Mayor Sylvester Turner’s pension reform package is racking up positive reviews from numerous groups.  The increasing momentum comes as the mayor is working to round up support in Houston’s business community.

“While some continue to criticize without offering any alternatives, others are taking a hard look at what we have proposed and concluding it’s a solid plan,” said Mayor Turner.  “These groups span the spectrum of political philosophies.  This will be very helpful as the debate now shifts from Houston to the state legislature in Austin.”

Mayor Turner has made a formal request to the Houston business community for an endorsement letter that he can take to the state legislature.  The request follows numerous presentations of his pension package to corporate leaders. “Our police, fire and municipal employees need to hear that we are going to Austin together,” said Turner.  “This is one time we can say to the rest of the country that we are getting it done in Houston.  Let us show you the way.”

The mayor’s plan will eliminate nearly $8 billion of unfunded pension debt that is contributing to a decline in the city’s credit rating and hindering the ability to pay for city services.  It will provide the City with structural budget balance moving forward and will result in more than $200 million of cost avoidance in its first year.  It provides immediate and long-term benefits while also creating secure and stable retirements for employees at an affordable price for taxpayers.

The following represents a sampling of quotes about Houston’s plan:

“Obviously, there’s still work to be done, but the mayor has made great progress. It’s a new idea with great potential to solve a 15-year old problem in Houston. And, if the “corridor” mechanism is airtight and works as intended, it could become a case study for cities across the country.” – Marc Watts, Chair of Greater Houston Partnership Municipal Finance Task Force

“I commend Mayor Turner and all stakeholders for their commitment to addressing an urgent problem in a timely manner.  The longer we wait to implement a solution to our pension challenge, the more difficult it becomes for the city to succeed in solving it.  The time for action is now.  I strongly urge support for this pension reform plan.” – City Controller Chris Brown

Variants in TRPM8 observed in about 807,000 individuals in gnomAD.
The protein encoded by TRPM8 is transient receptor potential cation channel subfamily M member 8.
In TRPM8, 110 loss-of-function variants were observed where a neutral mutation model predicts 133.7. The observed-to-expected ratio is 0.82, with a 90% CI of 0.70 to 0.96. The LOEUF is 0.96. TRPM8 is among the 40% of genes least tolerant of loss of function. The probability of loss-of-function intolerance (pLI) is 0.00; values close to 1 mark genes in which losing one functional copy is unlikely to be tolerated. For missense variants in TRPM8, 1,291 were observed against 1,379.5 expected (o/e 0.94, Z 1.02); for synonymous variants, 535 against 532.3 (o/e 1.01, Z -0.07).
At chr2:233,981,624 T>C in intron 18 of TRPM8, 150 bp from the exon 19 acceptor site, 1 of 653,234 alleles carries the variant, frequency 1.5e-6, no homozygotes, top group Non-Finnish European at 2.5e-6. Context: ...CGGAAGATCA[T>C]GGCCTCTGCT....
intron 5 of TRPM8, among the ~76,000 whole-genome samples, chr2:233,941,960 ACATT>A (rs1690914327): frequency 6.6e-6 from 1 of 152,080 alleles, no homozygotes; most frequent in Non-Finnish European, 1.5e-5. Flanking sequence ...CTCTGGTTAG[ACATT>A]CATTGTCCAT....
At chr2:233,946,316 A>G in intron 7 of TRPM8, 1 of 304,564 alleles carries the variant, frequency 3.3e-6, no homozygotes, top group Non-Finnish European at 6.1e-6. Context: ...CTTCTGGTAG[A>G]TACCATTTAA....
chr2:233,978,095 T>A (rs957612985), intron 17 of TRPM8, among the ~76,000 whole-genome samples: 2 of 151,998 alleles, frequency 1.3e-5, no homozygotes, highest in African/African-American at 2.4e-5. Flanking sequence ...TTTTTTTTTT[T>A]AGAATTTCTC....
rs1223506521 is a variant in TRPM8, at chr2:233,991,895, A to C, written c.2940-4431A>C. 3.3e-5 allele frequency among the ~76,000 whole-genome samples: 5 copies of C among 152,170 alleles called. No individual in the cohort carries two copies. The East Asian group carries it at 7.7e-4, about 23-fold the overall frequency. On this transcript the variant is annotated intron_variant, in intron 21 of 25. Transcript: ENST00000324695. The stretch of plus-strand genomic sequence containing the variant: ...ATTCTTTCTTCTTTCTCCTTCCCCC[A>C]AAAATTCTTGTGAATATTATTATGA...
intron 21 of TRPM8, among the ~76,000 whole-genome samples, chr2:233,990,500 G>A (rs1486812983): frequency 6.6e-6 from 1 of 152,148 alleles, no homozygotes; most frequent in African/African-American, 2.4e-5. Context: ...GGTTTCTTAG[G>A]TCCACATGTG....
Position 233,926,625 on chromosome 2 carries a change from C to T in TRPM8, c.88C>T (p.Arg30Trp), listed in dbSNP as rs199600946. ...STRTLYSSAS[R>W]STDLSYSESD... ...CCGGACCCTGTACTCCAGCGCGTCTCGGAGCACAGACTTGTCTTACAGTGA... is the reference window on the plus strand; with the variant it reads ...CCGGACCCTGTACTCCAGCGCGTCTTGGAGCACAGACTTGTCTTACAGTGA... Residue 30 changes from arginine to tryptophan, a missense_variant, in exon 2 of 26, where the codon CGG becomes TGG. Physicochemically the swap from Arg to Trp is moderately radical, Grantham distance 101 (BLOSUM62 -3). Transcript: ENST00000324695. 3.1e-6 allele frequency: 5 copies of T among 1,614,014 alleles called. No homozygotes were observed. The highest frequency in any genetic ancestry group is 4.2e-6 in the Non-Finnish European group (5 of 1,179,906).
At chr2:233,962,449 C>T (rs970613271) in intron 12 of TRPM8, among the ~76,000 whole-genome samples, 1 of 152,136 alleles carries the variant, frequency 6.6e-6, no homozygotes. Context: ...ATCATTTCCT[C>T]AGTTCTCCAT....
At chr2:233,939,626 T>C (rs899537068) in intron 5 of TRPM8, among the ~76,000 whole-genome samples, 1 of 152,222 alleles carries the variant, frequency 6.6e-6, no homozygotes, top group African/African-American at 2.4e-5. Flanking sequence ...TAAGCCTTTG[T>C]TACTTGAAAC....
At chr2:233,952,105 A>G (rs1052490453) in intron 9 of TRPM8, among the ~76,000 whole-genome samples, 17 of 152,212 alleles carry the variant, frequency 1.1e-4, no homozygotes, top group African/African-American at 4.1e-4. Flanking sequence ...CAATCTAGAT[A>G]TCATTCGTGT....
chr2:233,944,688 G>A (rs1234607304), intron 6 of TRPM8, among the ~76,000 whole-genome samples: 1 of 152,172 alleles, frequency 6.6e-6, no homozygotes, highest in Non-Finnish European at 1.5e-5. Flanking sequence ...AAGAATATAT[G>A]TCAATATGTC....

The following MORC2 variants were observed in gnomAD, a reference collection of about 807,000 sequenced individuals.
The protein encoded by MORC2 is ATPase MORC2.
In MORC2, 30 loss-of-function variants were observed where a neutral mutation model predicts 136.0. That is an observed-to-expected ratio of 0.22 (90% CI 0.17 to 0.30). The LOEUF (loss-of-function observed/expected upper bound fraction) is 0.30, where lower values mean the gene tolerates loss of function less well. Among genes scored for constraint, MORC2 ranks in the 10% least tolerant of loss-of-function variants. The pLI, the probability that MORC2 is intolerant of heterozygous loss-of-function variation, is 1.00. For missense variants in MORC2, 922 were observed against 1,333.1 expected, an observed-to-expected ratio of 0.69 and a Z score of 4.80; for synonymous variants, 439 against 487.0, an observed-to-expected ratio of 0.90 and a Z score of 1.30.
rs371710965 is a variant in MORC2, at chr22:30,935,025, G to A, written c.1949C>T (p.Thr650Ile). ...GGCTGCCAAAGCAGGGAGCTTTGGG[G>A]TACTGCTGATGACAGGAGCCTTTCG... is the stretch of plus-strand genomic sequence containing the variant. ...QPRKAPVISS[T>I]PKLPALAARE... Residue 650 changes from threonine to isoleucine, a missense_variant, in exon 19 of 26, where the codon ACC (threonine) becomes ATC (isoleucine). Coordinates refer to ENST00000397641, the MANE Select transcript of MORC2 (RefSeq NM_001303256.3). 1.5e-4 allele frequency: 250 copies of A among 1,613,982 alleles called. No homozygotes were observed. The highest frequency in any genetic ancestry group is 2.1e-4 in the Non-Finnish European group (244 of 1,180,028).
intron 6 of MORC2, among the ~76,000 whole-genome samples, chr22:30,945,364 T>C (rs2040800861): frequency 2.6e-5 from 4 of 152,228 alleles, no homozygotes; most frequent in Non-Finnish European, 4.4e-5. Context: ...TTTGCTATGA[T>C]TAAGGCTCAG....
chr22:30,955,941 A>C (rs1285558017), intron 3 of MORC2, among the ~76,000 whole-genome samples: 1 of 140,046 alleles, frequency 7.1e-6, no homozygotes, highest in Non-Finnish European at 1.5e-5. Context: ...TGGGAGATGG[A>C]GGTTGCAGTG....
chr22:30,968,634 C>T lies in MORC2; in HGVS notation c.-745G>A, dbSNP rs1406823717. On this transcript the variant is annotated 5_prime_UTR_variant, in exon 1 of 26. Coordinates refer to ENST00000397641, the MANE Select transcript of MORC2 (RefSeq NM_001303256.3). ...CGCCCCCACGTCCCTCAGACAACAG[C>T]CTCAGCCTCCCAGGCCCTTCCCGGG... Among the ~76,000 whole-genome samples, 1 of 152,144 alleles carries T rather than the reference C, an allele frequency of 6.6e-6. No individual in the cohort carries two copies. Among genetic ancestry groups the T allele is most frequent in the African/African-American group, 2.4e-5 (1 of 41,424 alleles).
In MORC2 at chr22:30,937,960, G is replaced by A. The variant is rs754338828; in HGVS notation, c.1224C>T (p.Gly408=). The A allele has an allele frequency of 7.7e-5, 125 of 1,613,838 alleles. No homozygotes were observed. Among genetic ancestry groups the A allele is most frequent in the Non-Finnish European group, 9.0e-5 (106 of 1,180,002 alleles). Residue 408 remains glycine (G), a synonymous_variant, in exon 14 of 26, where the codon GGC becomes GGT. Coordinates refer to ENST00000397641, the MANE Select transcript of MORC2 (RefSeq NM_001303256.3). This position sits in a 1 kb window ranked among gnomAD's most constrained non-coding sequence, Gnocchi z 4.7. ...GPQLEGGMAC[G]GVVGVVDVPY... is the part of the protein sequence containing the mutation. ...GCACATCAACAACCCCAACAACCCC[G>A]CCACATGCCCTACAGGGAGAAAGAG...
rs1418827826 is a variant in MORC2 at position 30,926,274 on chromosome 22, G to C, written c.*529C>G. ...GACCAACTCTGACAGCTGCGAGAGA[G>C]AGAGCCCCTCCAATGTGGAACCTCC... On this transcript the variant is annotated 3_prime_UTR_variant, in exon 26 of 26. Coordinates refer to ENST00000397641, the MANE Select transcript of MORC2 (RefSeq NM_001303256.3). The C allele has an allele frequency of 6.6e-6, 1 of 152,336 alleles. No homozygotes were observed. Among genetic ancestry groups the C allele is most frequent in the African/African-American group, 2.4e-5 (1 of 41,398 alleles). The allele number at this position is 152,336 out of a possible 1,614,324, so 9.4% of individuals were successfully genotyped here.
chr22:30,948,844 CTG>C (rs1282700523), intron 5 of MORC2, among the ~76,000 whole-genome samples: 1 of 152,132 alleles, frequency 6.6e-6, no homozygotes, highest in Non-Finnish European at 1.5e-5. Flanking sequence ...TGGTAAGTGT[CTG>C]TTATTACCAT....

“More than just about any other city, Houston has succeeded in developing an economic base that will keep overall taxes low and support our valued public employees well into the future,” – Max Patterson, executive director of the Texas Association of Public Employee Retirement Systems

“The numbers for Mayor Sylvester Turner’s pension reform plan generally add up, and the reforms generally move Houston in the right direction.  In fact, this pension reform plan should be viewed by other cities as a national model, especially its risk-sharing aspect.” – Bill Fulton, Rice Kinder Institute for Urban Research

“Indeed, Turner’s proposal appears to strike the right amount of give-and-take that’s required for all parties to get on board. First, the city is stepping up in terms of accountability, meaning it would be required to make its pension payment annually. What’s more, the system would immediately incorporate a more realistic investment rate of return assumption in valuing its pension liabilities.” – Governing Magazine

“While it appears that this reform plan doesn’t really change the cost all that much, in fact it makes it go up a little bit, the mayor and his team are being more honest about the actual cost of the plan.  Previously, the city did not paint a true picture of what the plan cost was.” – Josh McGee, Arnold Foundation

“POB use in conjunction with reforms to benefits and contribution practices increases the odds of strengthening funding positions and improving long-term sustainability.” – Fitch Ratings

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